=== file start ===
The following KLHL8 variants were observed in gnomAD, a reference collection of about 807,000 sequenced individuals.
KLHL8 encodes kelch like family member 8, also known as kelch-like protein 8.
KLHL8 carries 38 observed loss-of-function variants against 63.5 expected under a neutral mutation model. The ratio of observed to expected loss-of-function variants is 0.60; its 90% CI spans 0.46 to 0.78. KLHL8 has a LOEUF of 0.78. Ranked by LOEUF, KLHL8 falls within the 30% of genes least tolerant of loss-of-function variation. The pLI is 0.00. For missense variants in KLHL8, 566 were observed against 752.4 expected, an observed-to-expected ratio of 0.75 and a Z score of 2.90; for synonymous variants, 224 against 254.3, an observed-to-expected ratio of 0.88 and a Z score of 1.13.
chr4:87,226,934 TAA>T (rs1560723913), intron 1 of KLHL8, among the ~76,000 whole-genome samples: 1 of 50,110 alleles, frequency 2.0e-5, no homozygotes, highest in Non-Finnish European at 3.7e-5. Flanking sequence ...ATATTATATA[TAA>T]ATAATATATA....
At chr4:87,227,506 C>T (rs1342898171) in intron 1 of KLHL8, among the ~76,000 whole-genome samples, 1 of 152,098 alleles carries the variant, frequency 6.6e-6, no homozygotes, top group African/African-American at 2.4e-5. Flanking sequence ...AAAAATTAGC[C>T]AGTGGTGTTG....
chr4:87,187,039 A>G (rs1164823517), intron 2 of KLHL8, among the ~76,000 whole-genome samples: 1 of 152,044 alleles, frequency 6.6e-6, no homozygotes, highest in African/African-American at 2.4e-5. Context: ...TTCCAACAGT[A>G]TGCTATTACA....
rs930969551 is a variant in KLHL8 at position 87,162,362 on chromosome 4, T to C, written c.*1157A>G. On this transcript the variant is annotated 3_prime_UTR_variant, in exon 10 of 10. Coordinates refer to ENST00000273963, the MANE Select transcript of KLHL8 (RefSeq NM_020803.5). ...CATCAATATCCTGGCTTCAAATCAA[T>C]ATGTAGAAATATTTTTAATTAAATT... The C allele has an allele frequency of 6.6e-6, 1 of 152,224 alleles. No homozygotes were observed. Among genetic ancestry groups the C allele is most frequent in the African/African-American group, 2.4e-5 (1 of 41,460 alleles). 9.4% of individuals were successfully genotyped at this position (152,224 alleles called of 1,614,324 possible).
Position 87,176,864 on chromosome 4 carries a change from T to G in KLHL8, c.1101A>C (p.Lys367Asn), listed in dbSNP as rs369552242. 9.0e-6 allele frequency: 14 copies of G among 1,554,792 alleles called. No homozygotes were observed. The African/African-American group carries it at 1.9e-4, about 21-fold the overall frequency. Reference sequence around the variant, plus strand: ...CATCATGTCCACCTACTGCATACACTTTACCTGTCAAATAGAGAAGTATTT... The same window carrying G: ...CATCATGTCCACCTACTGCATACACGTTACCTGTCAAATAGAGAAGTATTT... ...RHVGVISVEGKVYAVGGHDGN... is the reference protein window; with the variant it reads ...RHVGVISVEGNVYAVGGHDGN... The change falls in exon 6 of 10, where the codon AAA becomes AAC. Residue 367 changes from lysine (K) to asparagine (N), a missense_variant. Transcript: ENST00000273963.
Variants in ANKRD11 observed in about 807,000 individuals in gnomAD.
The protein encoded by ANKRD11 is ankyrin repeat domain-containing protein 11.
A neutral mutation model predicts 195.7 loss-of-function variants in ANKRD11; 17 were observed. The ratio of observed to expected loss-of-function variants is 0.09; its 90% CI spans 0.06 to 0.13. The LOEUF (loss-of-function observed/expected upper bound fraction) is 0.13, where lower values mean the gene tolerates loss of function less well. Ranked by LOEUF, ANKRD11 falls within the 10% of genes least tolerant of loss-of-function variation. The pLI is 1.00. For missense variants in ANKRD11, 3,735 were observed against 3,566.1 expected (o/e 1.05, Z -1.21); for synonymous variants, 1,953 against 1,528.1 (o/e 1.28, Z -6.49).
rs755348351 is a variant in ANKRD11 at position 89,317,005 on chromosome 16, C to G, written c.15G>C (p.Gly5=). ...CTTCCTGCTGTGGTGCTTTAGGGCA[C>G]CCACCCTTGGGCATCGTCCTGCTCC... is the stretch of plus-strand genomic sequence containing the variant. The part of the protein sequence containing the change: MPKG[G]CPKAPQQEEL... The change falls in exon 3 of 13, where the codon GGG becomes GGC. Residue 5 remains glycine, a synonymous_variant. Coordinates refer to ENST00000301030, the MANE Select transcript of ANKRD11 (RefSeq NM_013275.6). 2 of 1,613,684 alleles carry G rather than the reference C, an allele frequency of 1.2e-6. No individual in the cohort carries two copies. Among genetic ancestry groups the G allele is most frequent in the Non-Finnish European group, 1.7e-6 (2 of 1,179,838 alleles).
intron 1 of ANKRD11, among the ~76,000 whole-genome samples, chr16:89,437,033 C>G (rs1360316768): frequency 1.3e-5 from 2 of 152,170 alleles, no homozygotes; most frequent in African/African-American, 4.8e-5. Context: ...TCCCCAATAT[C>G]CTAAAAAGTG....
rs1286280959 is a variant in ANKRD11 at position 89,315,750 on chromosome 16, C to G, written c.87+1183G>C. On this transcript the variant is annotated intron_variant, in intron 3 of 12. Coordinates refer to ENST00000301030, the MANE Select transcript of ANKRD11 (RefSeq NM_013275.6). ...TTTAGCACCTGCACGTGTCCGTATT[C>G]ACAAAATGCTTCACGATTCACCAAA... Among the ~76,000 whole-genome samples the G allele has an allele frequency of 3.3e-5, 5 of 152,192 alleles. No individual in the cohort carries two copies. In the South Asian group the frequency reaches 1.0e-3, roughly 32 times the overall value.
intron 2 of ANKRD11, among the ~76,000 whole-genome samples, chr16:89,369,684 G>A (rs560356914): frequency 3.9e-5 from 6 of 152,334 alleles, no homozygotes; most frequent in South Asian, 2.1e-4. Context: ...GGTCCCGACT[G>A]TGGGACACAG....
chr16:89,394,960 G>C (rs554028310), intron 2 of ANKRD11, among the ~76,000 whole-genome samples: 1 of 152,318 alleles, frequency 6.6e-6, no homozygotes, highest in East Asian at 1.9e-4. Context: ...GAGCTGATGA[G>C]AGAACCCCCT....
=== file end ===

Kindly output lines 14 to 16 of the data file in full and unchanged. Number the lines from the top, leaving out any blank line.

rs1286280959 is a variant in ANKRD11 at position 89,315,750 on chromosome 16, C to G, written c.87+1183G>C. On this transcript the variant is annotated intron_variant, in intron 3 of 12. Coordinates refer to ENST00000301030, the MANE Select transcript of ANKRD11 (RefSeq NM_013275.6). ...TTTAGCACCTGCACGTGTCCGTATT[C>G]ACAAAATGCTTCACGATTCACCAAA... Among the ~76,000 whole-genome samples the G allele has an allele frequency of 3.3e-5, 5 of 152,192 alleles. No individual in the cohort carries two copies. In the South Asian group the frequency reaches 1.0e-3, roughly 32 times the overall value.
intron 2 of ANKRD11, among the ~76,000 whole-genome samples, chr16:89,369,684 G>A (rs560356914): frequency 3.9e-5 from 6 of 152,334 alleles, no homozygotes; most frequent in South Asian, 2.1e-4. Context: ...GGTCCCGACT[G>A]TGGGACACAG....
chr16:89,394,960 G>C (rs554028310), intron 2 of ANKRD11, among the ~76,000 whole-genome samples: 1 of 152,318 alleles, frequency 6.6e-6, no homozygotes, highest in East Asian at 1.9e-4. Context: ...GAGCTGATGA[G>C]AGAACCCCCT....